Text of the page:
Commercial Vehicle Brake Caliper Tester

The tester is used to check the potentiometers (wear indicators) in brake calipers and for the determination of the wear of the brake disc and brake pads.

The practice of checking a potentiometer for faults and replacement could save a commercial vehicle operator thousands instead of complete caliper replacements!!

The reported practise of replacing a complete calipers rather than testing and replacing a potentiometer is in the past if you own an aide automotive Potentiometer Tester.

The procedure for checking the potentiometer can be carried out with the caliper installed on the vehicle or with the caliper removed, simply connect the supplied correct cable to the brake potentiometer, power the tester and choose which type you are testing, MAN / Mercedes 3 Wire Gold DAF / Mercedes 2 Wire Scania / Iveco / Mercedes 3 Wire Silver

The display will show the voltage, pad wear percentage & bar graph.

To set a new potentiometer simply wind the potentiometer until the display show 0 %, done!!

To test a potentiometer, wind the potentiometer until about 2.75 volts, this will show low pads warning and then to 100% for failure warning. SIMPLE!!

So start testing & replacing potentiometers to save money today!!

Visit the aide automotive Ltd website for more information on Commercial Vehicle Brake Caliper Tester

 

HGV Caliper Tester

Truck Potentiometer Tester For Brake Calipers

Do You Know What Brake Testing You Should Be Doing?

June 19th, 2019 Comments off
Since April 2014 the DVSA have been recommending commercial vehicles undertake 4 brake tests per year!

This is a recommendation based on the DVSA’s guidance paper.

So as this is a recommendation, what is the law? Is the law is one RBT as a MOT per year?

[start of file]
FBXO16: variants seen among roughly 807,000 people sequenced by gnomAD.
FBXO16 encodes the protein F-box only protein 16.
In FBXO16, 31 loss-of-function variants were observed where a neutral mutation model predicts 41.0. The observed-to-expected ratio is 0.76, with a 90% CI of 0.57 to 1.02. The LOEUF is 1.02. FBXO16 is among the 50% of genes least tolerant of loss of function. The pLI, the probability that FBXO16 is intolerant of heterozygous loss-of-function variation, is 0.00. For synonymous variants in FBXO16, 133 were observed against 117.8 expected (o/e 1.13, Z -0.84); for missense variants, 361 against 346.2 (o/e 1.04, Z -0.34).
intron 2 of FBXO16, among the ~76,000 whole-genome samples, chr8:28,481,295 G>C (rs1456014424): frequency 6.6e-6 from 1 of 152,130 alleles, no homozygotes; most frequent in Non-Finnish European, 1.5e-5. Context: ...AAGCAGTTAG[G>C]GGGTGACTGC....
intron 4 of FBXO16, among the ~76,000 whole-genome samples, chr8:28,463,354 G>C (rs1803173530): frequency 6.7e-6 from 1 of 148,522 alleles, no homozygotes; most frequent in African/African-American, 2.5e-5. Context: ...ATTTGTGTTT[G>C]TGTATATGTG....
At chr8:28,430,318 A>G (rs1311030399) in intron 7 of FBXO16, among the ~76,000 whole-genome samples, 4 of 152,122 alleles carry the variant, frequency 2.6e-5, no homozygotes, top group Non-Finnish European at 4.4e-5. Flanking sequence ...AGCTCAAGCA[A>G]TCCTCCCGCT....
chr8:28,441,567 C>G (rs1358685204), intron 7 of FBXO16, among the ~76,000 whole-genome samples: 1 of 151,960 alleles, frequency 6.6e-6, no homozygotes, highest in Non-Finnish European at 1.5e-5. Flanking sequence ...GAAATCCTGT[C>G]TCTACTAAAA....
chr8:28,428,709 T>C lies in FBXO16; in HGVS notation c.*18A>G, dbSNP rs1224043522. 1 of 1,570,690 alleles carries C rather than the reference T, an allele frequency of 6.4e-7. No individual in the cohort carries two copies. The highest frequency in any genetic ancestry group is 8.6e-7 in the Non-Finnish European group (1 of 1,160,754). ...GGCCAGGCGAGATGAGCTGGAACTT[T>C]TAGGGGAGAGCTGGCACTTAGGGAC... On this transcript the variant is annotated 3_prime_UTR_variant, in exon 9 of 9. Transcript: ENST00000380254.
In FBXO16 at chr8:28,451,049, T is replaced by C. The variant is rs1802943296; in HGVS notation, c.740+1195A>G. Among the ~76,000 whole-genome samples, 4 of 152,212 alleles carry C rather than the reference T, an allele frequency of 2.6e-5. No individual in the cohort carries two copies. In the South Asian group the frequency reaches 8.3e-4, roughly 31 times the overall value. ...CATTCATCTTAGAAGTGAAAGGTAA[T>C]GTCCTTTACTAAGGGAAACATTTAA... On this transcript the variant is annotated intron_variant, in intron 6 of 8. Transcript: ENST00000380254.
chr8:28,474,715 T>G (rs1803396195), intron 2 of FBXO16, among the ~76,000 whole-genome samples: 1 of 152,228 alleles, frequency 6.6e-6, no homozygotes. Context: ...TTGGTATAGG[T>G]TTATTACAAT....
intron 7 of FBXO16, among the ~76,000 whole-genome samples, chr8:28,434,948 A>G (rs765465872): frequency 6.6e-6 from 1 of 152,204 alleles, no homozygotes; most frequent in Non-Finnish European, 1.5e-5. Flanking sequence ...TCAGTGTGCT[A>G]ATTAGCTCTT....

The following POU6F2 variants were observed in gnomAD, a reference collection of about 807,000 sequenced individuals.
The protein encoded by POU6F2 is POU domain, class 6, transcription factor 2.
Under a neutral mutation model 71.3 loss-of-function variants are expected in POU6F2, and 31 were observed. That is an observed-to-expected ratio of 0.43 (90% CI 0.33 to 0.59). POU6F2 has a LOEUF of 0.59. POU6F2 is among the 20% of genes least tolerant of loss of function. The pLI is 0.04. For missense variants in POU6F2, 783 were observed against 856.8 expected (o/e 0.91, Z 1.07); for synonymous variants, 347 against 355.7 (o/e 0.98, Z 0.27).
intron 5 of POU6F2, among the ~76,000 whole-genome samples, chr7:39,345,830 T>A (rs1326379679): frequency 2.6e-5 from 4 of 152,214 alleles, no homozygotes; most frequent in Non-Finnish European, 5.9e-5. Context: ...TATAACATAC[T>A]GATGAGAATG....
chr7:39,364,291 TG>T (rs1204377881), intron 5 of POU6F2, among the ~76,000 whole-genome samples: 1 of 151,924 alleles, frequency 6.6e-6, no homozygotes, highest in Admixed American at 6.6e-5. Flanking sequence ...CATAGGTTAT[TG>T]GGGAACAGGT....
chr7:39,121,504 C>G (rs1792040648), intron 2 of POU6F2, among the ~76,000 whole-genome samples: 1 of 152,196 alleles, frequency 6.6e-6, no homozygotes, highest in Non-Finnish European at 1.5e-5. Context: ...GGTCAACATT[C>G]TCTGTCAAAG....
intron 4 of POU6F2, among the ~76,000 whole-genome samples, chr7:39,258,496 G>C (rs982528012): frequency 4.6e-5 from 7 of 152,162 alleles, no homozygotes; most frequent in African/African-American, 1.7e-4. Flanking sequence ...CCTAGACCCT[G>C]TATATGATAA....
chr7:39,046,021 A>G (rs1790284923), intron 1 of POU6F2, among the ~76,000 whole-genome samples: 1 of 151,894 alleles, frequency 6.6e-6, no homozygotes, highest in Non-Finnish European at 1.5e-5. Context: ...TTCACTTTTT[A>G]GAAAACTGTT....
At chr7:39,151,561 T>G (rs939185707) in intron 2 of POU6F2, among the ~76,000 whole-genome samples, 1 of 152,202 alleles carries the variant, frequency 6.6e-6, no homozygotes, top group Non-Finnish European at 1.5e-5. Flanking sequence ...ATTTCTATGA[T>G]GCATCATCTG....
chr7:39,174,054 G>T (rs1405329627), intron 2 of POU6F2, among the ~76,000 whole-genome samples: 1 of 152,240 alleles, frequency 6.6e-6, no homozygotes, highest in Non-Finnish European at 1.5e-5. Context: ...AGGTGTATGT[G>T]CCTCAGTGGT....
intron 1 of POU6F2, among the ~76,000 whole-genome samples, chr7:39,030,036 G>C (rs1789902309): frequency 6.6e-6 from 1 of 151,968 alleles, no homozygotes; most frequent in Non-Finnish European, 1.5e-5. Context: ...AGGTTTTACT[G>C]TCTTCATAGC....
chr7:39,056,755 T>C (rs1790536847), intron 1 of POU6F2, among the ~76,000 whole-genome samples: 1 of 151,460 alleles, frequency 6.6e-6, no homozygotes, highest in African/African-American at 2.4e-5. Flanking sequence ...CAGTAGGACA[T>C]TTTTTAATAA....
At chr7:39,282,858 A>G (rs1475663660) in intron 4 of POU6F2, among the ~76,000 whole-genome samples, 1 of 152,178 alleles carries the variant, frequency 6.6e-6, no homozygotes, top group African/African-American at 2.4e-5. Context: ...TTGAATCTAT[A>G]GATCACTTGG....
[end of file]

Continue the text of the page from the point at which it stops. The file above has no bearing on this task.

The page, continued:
Well it is if the DVSA is a guidance paper, or is it?

If the guidance set out by the DVSA isn’t followed and the operator is inspected by the DVSA or addressed by a traffic commissioner. The guidance set out by the DVSA is used as the standard an operator should meet, does this now make it law?
Well the operator has to make this call; do you follow the guidance or not? Keeping a fleet roadworthy and safe must be a high priority for any management team, after all the with laws around corporate manslaughter all risks need to be seriously considered.
Many operators have moved with the guidance but still 5 years has passed with some commercial vehicle operators still unaware of the law and guidance.

So, regarding commercial vehicle brake testing, the guidance states:

Document :Guide to maintaining road worthiness
Commercial goods and passenger carrying vehicles (Revised 2014)

Section 5: Safety inspection and repair facilities

Extract –
“Therefore, it is normally expected that the vehicle or trailer should complete at least three successful brake efficiency tests spread throughout year in addition to the annual MOT test.”

An operator can take the decision to carry out brake tests using roller brake tests or a decelerometer.

As the consequences of non-compliance with the required standards can be very severe and include prohibition, fines or prosecution, operators are advised to ensure that they are familiar with all the changes within the DVSA guidance.

Following The Bath Tipper Incident Inquiry, HGV Brake Testing is Essential!!

The inquiry showed the Bath tipper truck to have been poorly maintained which resulted when tested to have a very poor brake efficiency.
aide automotive recommend the use of roller brake testers and decelerometers within a 12-month maintenance and testing policy.

Also, the use of an Infra-Red Temperature Gun, Infra-Red Temperature guns are an excellent way of individual brake testing of wheel disks or drums to determine brake activation. With the ease of just pointing the Infra-Red Light at the wheel hub from the outer edge of a trailer or truck and without removing wheels, an infra-Red Temp Gun can indicate if a wheel is not braking efficiently as compared to the other wheels on the vehicle.

aide automotive market a range of Brake Testing, Servicing & Diagnostic Tools for commercial vehicle workshops.

With the Bowmonk BrakeCheck Portable Decelerometer Printer kit, a workshop can meet the 3 additional required brake tests with minimum fuss. For Trailer Servicing & Diagnostics, aide offer a complete Trailer Electrical (ABS Light & EBS CAN Line Test), Light and Air Brake Tester with Diagnostics interface for Trailer ECU Code Reading / Clearing and management data viewing. EBS/ABS Sensor Master testing can be conducted with the Sensor Master, while Battery Diagnostics Tests with a Midtronics MDX Battery Tester.
aide automotive offer a range of products to help with DVSA Guide To Roadworthiness. Contact us via our website www.aideautomotive.com
HGV DVSA Truck Brake Tester

 

Brake Tester, Diagnostics, Battery Testers